Throughout history, both women and men have made important contributions to all areas of science. Without these contributors, many of the scientific advancements we enjoy today would not be possible. In light of International Women’s Month, below are some of the most notable women of science.
Benedict was a notable anthropologist who served as a professor at Columbia University. She is recognized as the author of several important anthropological texts, including “The Races of Mankind,” which discussed the lack of scientific support for racism.
Laura Maria Caterina Bassi
Bassi served at the University of Bologna as an anatomy professor in the 1700s. She is known for her experiments and lectures focusing on Newtonian physics. Future Pope Benedict XIV appointed Bassi to a notable group of academics in 1745.
Clara Barton was a notable nurse who cared for injured Civil War soldiers. She is the founder of the American Red Cross, a humanitarian organization that is still in operation today.
Florence Augusta Merriam Bailey
Florence Bailed was an ornithologist and nature writer who wrote multiple books on the study of birds. Several of her bird guides remain popular today.
Rear Admiral Grace Murray Hopper
Rear Admiral Hopper was a United States Naval Officer and a well-known computer scientist who is remembered for her work on the programming of the Mark I, a revolutionary naval computer. She also discovered the first “computer bug” in the history of computer science. This bug turned out to be an actual moth trapped in a vacuum tube. Finally, Hopper created the first compiler and contributed to the development of COBOL (Common Business Oriented Language).
A naturalist living in the 1900s, Joy Adamson is known for her conservation work in Kenya. She also wrote “Born Free,” which is a book that describes her experience of raising a young lion cub and later releasing it into the wild.
Living in the 4th century, Agnodice was a gynecologist and physician who wore men’s clothing because women were not allowed to practice medicine. However, it is unknown whether Agnodice is a historical figure or a legend.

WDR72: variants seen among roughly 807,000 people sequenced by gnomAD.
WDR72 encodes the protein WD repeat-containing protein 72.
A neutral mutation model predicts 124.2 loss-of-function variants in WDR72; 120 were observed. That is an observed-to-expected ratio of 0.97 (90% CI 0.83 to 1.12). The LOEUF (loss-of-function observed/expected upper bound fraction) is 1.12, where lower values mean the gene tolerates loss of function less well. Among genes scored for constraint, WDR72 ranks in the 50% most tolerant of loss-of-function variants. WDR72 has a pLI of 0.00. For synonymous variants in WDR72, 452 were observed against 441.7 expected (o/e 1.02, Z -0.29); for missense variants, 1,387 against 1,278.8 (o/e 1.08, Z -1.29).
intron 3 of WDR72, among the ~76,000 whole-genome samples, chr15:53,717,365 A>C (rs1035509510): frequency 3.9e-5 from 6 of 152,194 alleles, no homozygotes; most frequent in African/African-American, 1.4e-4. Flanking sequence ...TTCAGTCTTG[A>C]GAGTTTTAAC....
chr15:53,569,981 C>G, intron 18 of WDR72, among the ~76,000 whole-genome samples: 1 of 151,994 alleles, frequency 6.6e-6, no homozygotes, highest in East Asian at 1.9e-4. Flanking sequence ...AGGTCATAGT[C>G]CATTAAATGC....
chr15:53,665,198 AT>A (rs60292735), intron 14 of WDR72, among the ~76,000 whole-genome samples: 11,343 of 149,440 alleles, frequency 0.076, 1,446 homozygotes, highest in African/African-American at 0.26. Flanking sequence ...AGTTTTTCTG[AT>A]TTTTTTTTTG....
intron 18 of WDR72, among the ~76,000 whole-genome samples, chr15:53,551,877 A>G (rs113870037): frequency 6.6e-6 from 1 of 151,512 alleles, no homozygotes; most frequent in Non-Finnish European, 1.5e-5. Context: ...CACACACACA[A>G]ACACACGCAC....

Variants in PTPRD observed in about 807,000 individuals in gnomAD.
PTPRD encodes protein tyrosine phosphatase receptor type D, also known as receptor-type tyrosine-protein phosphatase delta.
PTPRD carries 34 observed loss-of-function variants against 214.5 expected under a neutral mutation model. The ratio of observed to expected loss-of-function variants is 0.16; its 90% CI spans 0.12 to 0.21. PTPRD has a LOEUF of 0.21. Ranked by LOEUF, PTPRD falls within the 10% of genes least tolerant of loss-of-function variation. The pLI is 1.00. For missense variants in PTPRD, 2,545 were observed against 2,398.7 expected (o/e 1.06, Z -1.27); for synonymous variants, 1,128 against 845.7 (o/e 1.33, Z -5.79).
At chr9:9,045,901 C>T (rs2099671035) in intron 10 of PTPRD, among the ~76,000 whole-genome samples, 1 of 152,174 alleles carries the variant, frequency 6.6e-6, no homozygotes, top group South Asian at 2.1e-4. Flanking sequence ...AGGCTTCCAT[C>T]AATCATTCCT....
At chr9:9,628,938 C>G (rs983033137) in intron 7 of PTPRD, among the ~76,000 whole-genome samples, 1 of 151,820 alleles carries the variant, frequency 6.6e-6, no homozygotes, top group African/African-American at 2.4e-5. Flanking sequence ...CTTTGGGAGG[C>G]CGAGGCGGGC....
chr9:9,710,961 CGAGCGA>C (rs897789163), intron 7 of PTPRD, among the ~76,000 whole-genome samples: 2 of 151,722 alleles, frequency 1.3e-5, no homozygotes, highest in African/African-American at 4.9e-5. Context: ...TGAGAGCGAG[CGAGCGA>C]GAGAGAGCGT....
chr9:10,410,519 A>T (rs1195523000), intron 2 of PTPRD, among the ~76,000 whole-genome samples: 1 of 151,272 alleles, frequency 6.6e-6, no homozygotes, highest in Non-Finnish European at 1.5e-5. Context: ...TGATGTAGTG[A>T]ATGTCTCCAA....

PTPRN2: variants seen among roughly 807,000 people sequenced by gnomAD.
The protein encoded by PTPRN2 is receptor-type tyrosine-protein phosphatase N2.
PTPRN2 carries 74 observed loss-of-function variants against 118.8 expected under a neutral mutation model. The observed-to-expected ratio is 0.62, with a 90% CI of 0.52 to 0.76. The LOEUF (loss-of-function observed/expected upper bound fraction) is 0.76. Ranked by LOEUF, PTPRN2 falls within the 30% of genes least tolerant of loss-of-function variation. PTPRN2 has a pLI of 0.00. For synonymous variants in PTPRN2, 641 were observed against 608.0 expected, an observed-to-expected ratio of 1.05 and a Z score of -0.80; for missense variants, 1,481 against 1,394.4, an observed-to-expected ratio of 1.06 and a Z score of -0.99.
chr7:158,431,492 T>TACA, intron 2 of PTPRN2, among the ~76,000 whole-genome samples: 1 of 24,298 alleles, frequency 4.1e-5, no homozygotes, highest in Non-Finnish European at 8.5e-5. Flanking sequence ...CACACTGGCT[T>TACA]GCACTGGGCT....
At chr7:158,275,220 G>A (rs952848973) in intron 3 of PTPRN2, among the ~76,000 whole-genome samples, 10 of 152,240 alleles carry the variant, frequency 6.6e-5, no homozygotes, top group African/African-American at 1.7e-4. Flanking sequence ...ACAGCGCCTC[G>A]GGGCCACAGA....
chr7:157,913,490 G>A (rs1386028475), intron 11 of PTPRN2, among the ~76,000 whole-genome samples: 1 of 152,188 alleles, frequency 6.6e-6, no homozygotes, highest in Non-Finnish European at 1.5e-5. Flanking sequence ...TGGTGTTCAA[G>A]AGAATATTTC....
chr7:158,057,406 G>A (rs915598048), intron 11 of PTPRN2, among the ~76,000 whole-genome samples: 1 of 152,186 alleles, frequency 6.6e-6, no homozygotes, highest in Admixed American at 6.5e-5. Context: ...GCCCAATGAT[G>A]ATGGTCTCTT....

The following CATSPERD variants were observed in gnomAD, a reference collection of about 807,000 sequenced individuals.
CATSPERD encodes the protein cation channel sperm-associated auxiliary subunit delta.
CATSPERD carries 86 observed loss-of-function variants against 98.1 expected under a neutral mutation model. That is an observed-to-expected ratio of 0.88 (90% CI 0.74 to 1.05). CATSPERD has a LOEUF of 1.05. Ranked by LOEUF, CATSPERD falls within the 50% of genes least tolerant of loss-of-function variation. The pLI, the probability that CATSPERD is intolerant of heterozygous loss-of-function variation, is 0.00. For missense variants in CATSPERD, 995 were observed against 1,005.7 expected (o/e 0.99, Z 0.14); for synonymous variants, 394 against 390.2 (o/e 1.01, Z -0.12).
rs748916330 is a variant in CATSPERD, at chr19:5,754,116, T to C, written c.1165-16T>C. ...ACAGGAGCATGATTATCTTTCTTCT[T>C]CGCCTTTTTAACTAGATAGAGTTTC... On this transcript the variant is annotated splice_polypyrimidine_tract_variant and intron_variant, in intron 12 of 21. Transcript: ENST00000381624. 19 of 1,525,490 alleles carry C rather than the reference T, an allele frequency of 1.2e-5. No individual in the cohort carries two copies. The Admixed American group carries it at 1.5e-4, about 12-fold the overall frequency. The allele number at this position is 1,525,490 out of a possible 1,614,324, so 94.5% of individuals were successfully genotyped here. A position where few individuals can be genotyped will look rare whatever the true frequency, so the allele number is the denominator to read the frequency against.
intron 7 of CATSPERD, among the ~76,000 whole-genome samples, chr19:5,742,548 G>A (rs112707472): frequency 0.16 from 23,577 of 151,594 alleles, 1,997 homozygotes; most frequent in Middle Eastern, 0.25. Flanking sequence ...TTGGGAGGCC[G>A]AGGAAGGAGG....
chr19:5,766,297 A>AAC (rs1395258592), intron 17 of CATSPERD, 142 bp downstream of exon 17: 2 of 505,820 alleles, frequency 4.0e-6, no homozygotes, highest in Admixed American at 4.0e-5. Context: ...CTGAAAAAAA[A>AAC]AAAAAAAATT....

Maria Agnesi was the first female to ever work as a university mathematics professor. Maria Agnesi’s book on mathematics is the first one of its kind written by a woman that is still intact.
Apgar is responsible for the development of the Apgar Newborn Scoring System, which uses several simple criteria to assign a score to a newborn baby. The Apgar Score has dramatically increased infant survival rates. Apgar also questioned the use of certain anesthetics during childbirth.
Elizabeth Garret Anderson
Anderson was the first female to pass Great Britain’s medical exams and work as a physician within the country. She also worked to increase women’s opportunities in higher education.
Elizabeth Arden was a scientist who created, manufactured, and sold a line of famous cosmetics. She sold her products under the company known as Elizabeth Arden, Inc., for which she was the founder and operator.
Émilie du Châtelet
In her relatively short life lived during the first half of the 18th century, du Châtelet chose to spend her highly privileged life in France exploring the physical world and also studying Newton’s contributions to physics. Her own contributions to the mathematical interpretation of energy are directly tied to Einstein’s later, famed formula e=mc2.
The first scientist, (let alone female), to be awarded two Nobel Prizes, her first in physics which she shared with her scientist-husband, and a second in chemistry, Curie is best known for her work with radiation, a term she and her husband coined following the discovery of the element radium.
Partially obscured of fame by age and what is considered a gross oversight by the committee that selects Nobel Prize recipients in physics, the Austrian-born physicist, Lise Meitner is mistakenly remembered as the “Mother of the Atomic Bomb.” In fact, Meitner did confirm nuclear fission, though her work was not directly associated with the Manhattan Project’s development of the world’s first nuclear bombs used in WWII.
Maria Sibylla Merian
When many contemplate the word “metamorphosis,” thoughts of caterpillars turning into beautiful butterflies come to mind. For Maria Merian, that process became the subject of her life, one spent observing nature and then recording what she saw in remarkable works of scientific art. Though her art included pretty flowers, most of her work involved insects, including a South American variety of tarantula that enjoyed the occasional hummingbird, a depiction that brought howls of disapproval from early 18th century critics.
About the author: Matt Herndon is a freelance writer living and working in the Indianapolis area. His undergraduate and graduate work was done in Upper East Tennessee where he studied communication and institutional leadership.